StatsCAN Plus

A data-driven case for prosperity in Atlantic Canada

December 7, 2022, 11:00 a.m. (EST)

Your municipality, your statistics

This series of articles is part of an ongoing effort by Statistics Canada to bring data to municipalities via its new Centre for Municipal and Local Data, following its established partnership with the Federation of Canadian Municipalities. Check out the first two articles in the series:

As David Campbell sees it, economic growth in the Atlantic provinces has long been reliant on the right strategies to counter various challenges to growth—strategies that have always included projections and trends based on the data.

The New Brunswick native has decades of experience working with various stakeholders and levels of government to attract industry and build the surrounding communities.

He spoke with StatsCAN Plus about this experience and how using Statistics Canada data has always been a part of it.

“I used to go up to the library and get those old stats (regularly issued by Statistics Canada), and plow through them looking for interesting data on things like turnover rates and absenteeism and labour force data, to help us make the pitch for New Brunswick,” said Campbell, looking back about 30 years to when he worked in economic development for the government of New Brunswick.

“We had quite a bit of success,” he added. “We attracted a lot of industry to New Brunswick in the early days (of his career), pitching bilingual labour and the availability of young workers.”

Campbell says that, ever since, Statistics Canada data has been “one of the core sources of information” for his consulting practice. Currently, he heads up Jupia Consultants Inc., which continues its economic development work for Atlantic Canada.

He was also the chief economist for the New Brunswick government from 2015 to 2017, where he helped develop a population-growth strategy and economic development model—one he estimates has attracted over 50,000 residents to the province.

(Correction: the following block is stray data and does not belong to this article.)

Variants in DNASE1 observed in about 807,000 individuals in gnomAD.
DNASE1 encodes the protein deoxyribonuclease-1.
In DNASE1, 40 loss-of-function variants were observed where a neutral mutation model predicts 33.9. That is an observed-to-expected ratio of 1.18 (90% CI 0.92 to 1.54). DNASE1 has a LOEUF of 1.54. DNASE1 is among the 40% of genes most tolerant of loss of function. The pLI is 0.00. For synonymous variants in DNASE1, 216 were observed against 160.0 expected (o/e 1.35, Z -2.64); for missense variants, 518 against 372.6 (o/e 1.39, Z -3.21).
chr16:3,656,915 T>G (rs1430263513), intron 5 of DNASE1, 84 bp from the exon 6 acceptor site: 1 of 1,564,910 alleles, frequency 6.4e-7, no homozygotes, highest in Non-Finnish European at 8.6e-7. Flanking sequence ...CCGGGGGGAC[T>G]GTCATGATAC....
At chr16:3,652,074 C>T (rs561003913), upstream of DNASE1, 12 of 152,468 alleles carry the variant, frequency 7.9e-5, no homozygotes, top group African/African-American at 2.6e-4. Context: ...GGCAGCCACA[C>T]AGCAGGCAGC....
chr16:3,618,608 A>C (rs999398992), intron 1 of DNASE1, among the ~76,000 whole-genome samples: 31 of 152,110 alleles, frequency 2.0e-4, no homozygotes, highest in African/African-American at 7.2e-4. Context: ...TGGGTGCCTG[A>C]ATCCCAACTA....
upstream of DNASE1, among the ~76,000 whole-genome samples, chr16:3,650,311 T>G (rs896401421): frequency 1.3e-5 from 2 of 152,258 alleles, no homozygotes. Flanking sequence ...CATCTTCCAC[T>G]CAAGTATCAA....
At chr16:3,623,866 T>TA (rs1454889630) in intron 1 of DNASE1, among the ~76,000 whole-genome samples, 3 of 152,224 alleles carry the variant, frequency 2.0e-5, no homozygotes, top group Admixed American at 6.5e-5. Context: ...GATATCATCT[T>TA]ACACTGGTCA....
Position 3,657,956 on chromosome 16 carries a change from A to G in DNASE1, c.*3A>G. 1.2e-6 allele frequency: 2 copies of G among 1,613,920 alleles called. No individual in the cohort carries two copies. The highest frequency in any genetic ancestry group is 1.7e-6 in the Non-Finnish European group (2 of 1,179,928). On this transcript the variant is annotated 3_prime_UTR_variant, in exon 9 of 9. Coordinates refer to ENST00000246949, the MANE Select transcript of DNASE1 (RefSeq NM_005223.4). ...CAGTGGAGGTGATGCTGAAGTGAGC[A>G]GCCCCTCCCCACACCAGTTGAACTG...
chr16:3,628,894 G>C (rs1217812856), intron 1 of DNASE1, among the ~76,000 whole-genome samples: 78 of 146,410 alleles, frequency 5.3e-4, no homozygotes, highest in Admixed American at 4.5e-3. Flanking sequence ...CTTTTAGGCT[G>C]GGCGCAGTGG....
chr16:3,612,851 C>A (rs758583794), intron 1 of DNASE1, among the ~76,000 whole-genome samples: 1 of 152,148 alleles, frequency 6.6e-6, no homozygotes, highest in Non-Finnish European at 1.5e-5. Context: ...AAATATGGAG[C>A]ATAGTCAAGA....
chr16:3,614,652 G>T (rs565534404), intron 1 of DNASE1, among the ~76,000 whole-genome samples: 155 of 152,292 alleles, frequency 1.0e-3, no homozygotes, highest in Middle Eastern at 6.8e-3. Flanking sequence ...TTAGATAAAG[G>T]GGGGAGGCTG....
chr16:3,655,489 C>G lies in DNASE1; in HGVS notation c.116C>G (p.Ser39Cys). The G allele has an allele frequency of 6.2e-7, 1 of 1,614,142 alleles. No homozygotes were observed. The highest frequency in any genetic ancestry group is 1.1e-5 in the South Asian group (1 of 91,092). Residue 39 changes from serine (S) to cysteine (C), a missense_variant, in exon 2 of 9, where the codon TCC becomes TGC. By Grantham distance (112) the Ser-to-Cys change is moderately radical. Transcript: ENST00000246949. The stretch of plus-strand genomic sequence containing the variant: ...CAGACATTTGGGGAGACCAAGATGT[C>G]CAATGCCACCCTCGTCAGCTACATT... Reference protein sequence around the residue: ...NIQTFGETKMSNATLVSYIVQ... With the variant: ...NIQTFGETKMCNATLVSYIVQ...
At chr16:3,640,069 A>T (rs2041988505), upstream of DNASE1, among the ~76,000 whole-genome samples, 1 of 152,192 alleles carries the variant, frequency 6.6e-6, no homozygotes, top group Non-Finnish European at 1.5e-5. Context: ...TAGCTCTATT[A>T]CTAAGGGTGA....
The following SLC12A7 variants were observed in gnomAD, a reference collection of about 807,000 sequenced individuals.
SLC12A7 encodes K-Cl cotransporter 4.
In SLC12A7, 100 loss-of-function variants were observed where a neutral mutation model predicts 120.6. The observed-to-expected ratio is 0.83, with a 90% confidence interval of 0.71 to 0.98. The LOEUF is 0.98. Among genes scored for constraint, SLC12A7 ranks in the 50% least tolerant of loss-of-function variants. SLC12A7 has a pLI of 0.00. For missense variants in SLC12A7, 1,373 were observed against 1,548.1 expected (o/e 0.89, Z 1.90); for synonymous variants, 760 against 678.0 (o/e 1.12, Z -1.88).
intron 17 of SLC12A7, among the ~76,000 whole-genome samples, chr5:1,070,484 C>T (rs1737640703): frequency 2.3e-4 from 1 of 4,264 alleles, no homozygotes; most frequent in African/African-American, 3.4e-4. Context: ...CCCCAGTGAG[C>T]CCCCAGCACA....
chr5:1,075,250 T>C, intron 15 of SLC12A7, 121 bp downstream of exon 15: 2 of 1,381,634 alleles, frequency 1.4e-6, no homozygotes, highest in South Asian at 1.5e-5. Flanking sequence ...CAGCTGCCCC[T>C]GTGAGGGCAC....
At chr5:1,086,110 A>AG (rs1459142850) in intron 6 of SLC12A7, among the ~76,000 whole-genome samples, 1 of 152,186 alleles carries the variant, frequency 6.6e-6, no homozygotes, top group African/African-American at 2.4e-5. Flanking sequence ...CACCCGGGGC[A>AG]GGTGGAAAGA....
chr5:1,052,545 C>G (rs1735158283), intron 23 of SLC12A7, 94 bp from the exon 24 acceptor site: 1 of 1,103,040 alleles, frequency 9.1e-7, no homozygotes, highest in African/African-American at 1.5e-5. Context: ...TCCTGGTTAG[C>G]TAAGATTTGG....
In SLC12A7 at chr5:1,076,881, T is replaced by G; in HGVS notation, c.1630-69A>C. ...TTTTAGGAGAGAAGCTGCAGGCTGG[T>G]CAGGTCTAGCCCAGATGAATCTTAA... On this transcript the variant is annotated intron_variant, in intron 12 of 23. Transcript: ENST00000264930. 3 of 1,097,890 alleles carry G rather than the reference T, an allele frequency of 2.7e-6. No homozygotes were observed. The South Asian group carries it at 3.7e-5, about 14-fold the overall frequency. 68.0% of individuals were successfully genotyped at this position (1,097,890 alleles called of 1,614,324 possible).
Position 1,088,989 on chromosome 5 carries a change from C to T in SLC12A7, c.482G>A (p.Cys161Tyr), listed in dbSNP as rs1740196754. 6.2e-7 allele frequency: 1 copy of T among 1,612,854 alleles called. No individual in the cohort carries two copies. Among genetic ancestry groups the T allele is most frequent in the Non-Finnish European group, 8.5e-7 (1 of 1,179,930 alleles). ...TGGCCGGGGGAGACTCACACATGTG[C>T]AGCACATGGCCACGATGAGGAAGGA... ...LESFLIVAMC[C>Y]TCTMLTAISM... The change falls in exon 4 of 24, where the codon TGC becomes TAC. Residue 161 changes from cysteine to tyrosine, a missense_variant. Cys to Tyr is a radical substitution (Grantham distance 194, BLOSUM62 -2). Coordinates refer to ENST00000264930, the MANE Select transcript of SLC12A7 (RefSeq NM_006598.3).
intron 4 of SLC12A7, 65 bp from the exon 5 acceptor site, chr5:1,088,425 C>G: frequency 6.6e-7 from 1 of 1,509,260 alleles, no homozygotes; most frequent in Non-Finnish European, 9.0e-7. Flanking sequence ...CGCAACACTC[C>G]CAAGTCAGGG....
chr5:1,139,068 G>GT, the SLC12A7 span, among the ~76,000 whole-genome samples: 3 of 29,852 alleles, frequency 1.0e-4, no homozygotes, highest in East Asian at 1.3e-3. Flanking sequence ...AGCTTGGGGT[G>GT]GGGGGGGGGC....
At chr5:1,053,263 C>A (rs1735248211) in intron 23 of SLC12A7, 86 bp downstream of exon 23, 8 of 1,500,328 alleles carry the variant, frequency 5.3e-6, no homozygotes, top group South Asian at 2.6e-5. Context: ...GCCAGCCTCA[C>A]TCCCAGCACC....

After leaving government, he worked on a project called the ‘New Conversations’ tour, which identified growth challenges for 15 regions across the province. Data from the census, as well as the labour force and job vacancies surveys indicated a generational shift.

“These are business owners (who are) going to retire in the next 10 years, maybe 15 years,” said Campbell of data about aging business owners. “But as they retire, we do not have enough young entrepreneurs in the system to take their place. So we’re going to have to bring in people to own and operate businesses—everything from veterinary services to dog grooming to coffee shops,” he added, referencing the tour, which met with stakeholders in the 15 regions, including Restigouche, Miramichi, and Chipman.

In New Brunswick and elsewhere in Atlantic Canada, Campbell says that immigration is the solution to filling these vacancies and attracting industry—but to be successful, immigration is needed in population centres of all sizes.

He also spoke about historical census data which indicate that a lot of housing stock in Cape Breton, Nova Scotia, has aged. Based on this trend and current data showing job vacancies in construction and a dip in housing starts, he says a reversal is needed.

“This is one of the most powerful data points,” he explained. “When I show it to stakeholders, that you used to build 500, 600 houses a year, and you’re only building 200…and yet, the population numbers are saying ‘You’re going to need it,’ so that sends a clear signal.”

Campbell said the increased availability of census and other survey data has assisted in his discussions with stakeholders. He has also worked with Statistics Canada to request custom tabulations of data from surveys such as Canadian Business Counts, to indicate in further detail both the number and types of businesses in communities of all sizes—, for example, if he wants “to know how many retailers there are in Stanley, New Brunswick.”

He also spoke about the importance of understanding the nature of supply chains, which can stretch across provinces and support industries from agriculture in New Brunswick to offshore oil and gas in Newfoundland and Labrador.

Campbell says it comes down to a data-driven understanding.

“We’ve got to make a very strong case for things like immigration and population growth—all across the country, in smaller communities and larger communities, in a way that we never had to do before. So (Statistics Canada is) the best source of data to help us make our case.”

Contact information

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